Sixth Circuit Lifts Stay of OSHA ETS for Large EmployersPublications | December 21, 2021
The Sixth Circuit issued an opinion on December 17, 2021 reversing the stay of the Occupational Safety and Health Administration’s (“OSHA”) Emergency Temporary Standard (“ETS”) requiring employers with 100 or more employees to implement a mandatory COVID-19 vaccination policy or weekly COVID-19 testing. As we previously reported, enforcement of the ETS was blocked by the Fifth Circuit when it granted an injunction and implemented a nationwide stay of the ETS. When lawsuits across the county were consolidated within the Sixth Circuit, including the lawsuit in which the Fifth Circuit had issued the stay, OSHA sought and was granted reconsideration of the Fifth’s Circuit’s decision. The three-judge panel issued a split decision reinstating the ETS.
Congress established OSHA “to assure safe and healthful working conditions for the nations’ work force and to preserve the nation’s human resources.” However, OSHA can only issue an ETS when it determines emergency action is necessary to prevent “grave danger from exposure to substances or agents determined to be toxic or physically harmful or from new hazards.” The original Fifth Circuit opinion focused heavily on the specific language of OSHA’s authority, but the Sixth Circuit panel took a broader interpretation.
The Sixth Circuit noted that “OSHA can and must be able to respond to dangers as they evolve.” In so holding, the judges issuing the majority’s decision cited OSHA’s history of combatting transmission of HIV, hepatitis B, and hepatitis C, in addition to the OSH Act, Congressional actions, and OSHA’s “long asserted authority to protect workers against infectious diseases.” The majority noted OSHA’s authority is not limited only to “hard hats and safety goggles.” In addition, it found that doctrine originally applied by the Fifth Circuit was not applicable where OSHA’s ETS did not expand its regulatory authority. It further found OSHA acted within its discretion in waiting to issue the ETS until after the Federal Drug Administration approved the COVID-19 vaccines. Moreover, because OSHA is not required to conduct a cost/benefit analysis before issuing an ETS, the majority chose not to engage in evaluation of the studies OSHA relied upon when enacting the ETS.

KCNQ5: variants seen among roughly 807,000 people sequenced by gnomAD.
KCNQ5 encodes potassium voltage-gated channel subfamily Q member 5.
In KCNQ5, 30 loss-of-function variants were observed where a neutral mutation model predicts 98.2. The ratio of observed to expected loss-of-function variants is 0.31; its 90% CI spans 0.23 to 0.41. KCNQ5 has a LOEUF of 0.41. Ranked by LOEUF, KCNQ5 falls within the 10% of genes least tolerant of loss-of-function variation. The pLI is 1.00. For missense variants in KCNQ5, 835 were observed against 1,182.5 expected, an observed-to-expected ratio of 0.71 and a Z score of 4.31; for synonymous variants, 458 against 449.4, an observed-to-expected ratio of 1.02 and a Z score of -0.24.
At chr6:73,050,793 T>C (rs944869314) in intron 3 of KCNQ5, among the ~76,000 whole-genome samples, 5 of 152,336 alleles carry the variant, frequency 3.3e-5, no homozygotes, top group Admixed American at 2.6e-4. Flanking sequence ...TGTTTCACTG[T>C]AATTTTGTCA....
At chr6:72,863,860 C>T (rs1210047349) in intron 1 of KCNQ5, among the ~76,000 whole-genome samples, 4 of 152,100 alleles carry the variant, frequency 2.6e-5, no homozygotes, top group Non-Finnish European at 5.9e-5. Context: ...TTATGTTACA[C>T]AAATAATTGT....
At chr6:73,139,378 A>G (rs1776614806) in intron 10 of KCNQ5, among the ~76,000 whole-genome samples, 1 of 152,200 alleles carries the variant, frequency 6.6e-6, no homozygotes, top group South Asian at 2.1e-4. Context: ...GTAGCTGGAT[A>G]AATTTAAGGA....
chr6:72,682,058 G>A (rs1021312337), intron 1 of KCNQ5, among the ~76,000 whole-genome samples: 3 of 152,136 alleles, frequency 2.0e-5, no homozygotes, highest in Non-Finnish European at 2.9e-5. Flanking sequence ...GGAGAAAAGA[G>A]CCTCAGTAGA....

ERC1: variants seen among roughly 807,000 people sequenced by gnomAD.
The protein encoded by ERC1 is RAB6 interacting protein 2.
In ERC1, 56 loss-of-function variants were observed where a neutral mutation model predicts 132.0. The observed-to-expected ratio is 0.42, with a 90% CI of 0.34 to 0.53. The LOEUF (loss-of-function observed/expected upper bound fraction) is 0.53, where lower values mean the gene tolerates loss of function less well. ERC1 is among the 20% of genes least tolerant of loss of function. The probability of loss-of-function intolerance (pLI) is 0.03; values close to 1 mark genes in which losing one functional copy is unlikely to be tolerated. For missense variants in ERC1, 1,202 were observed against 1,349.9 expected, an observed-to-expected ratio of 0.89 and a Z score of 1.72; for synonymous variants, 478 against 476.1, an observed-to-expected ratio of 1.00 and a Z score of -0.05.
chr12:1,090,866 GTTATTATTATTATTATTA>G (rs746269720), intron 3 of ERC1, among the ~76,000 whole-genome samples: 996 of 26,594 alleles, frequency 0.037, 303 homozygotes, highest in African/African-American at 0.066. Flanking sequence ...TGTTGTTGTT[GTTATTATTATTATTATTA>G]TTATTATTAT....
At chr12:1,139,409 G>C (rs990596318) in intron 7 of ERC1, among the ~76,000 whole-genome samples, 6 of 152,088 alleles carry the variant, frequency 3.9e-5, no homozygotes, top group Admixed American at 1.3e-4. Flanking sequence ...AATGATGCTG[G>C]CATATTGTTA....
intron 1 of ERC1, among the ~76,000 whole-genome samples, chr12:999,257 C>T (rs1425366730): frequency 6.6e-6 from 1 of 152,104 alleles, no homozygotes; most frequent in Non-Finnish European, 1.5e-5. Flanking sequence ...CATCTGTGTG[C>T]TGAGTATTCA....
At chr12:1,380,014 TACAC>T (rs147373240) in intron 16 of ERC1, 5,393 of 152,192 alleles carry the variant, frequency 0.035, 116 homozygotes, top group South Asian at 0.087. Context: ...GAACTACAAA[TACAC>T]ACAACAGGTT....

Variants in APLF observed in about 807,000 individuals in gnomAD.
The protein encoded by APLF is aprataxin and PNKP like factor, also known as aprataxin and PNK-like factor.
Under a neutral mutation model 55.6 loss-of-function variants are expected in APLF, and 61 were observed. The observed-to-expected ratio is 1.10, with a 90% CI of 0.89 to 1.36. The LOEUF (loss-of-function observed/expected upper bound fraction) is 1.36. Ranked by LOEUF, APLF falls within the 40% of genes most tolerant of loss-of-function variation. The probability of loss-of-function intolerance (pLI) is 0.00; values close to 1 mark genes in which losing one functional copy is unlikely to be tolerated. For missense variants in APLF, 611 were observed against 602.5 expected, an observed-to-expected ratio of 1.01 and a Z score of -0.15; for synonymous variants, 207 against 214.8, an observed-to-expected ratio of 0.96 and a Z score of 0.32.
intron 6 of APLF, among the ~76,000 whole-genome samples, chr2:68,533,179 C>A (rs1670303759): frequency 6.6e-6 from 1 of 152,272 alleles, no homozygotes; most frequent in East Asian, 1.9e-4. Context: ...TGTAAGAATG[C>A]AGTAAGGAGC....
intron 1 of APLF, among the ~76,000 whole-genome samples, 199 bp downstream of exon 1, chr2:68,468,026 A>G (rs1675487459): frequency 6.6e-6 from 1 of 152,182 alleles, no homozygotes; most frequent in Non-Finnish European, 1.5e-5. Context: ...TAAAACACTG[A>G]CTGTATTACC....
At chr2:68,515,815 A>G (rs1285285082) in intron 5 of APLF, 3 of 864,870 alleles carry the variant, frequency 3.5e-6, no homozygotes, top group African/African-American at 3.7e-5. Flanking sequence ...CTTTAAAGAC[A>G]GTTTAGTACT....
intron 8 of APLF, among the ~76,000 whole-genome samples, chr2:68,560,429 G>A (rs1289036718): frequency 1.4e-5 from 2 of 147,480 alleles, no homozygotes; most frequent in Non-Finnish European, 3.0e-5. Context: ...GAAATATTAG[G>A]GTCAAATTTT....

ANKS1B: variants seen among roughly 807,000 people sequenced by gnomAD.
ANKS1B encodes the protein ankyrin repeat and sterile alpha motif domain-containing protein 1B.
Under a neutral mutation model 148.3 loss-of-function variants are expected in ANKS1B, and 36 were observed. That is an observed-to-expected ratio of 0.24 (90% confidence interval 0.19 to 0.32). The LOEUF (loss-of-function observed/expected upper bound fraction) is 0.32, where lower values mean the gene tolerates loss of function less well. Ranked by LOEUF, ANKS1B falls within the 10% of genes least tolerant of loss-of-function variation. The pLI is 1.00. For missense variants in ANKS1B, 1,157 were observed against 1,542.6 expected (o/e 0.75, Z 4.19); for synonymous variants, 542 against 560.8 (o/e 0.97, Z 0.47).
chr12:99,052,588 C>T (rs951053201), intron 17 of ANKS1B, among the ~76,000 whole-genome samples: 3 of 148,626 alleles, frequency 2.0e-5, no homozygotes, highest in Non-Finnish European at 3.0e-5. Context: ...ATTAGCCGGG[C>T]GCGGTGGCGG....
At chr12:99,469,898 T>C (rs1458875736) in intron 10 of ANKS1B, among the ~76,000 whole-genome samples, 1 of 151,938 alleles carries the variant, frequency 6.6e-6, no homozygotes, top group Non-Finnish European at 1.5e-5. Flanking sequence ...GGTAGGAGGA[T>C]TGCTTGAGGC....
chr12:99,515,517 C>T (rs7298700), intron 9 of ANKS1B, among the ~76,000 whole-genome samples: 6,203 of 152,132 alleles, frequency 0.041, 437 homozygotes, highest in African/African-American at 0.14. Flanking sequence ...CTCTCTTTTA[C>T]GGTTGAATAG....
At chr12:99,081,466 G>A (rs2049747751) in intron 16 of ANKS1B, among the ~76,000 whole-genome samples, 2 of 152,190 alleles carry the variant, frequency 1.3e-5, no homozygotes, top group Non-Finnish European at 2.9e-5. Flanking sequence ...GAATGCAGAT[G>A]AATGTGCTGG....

In response to the Sixth Circuit opinion, OSHA issued a statement on December 18 announcing that it will not issue citations for noncompliance until January 10 at the earliest. Moreover, citations for noncompliance with the testing requirements will not issue until after February 9. The exercise of enforcement discretion, however, will be based on employers being able to demonstrate they engaged in good faith efforts to comply with the ETS.
Several petitioners have already filed an emergency appeal of the Sixth Circuit’s ruling to the United States Supreme Court. That appeal will be reviewed by Justice Brett Kavanaugh, who is the justice assigned to the Sixth Circuit. Justice Kavanaugh has set a 4 p.m. December 30 deadline for the Biden administration to respond to the appeals that have been filed. Justice Kavanaugh may render a decision on his own, but he could, in his discretion, seek a review by the full Court.
Employers who fall within the scope of the ETS should continue their efforts to comply with the ETS while monitoring the status of the appeal to the Supreme Court. Before January 10, employers should obtain employee vaccination statuses, create a roster of vaccination status, prepare and roll out a written policy and accommodation process, and meet all other non-testing requirements imposed by the ETS. Employers who choose to offer a testing option will need to start testing employees no later than February 9.
If you have questions about your organization’s management of COVID-19, including vaccination requirements or compliance with OSHA’s workplace safety measures, please contact a member of Kutak Rock’s OSHA Compliance & Workplace Safety Group or National Employment Law Group.